So why is the ice blue?
The question arises as we are Zodiac cruising among ice blocks, small icebergs and remaining sea ice in Bjørnfjorden. Day two on our Svalbard cruise with M/S Quest started with a fabulous morning with lots of walruses and continued in the world of ice after lunch.
Svalbard is 60% covered by glaciers and one of these glaciers is Smeerenburg glacier, in the northwest of Svalbard.
The Smeerenburg glacier calves into Bjørnfjorden, with Göteborgnuten to the south and Uddvallaryggen to the north. That could make many of the Swedish participants to feel at home, if it wasn’t for the blue ice. So why is it blue?
The explanation lies in how glaciers form. It all starts with snowflakes that fall and build up layer upon layer. Between all the snowflakes there is a lot of air. When this snow is compressed into ice, this air is also compressed more and more. When the glacier ice is relatively young, it still contains a lot of air and then all the light is reflected and the ice is white. As the ice becomes more compressed, the air bubbles are reduced so all the light, except the blue, is absorbed. Finally, when the ice is compressed so that the air bubbles are incredibly small and invisible, the ice appears completely clear.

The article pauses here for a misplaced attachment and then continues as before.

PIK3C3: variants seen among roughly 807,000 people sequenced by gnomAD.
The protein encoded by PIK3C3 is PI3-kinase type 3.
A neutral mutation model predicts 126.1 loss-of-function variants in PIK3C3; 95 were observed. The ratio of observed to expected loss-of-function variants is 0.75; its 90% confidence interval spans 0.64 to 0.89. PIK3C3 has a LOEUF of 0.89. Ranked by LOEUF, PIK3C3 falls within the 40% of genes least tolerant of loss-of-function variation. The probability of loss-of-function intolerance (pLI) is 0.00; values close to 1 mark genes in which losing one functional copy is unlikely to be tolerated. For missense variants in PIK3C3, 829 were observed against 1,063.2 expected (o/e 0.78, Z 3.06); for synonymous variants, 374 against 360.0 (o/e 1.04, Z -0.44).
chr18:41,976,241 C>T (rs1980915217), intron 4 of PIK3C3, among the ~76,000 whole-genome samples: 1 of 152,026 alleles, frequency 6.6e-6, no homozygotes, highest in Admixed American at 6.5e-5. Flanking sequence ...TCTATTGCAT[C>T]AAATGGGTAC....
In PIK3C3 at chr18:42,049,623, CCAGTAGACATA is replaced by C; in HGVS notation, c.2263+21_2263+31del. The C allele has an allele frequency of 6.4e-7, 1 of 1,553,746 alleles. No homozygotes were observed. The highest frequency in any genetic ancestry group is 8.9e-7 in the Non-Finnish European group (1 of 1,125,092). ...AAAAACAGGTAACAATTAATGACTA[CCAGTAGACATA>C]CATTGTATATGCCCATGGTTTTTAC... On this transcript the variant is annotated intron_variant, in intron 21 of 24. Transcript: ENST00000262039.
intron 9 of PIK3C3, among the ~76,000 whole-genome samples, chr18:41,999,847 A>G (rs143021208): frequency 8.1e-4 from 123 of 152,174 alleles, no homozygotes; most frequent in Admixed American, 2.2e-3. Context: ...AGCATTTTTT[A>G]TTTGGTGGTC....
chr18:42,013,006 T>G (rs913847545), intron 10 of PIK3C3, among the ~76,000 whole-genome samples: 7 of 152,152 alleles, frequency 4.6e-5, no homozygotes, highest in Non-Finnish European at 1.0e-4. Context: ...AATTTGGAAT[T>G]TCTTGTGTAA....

So, as we are cruising through this ice landscape, we can roughly date the glacier ice we are passing, white ice is tens to hundreds of years old, blue ice is hundreds to thousands of years old while transparent ice is several thousands of years old.
Since 1999, we have taken travellers on once-in-a-lifetime trips to Svalbard. From May to September our three small expedition ships, carrying only 12 and 50 passengers, explore this magnificent Arctic archipelago. Unpredictability and flexibility are the main keywords when you travel with PolarQuest as the exact route depends on weather, ice conditions and wildlife encounters. Sometimes you might be woken up in the middle of the night if a polar bear has been spotted on the ice.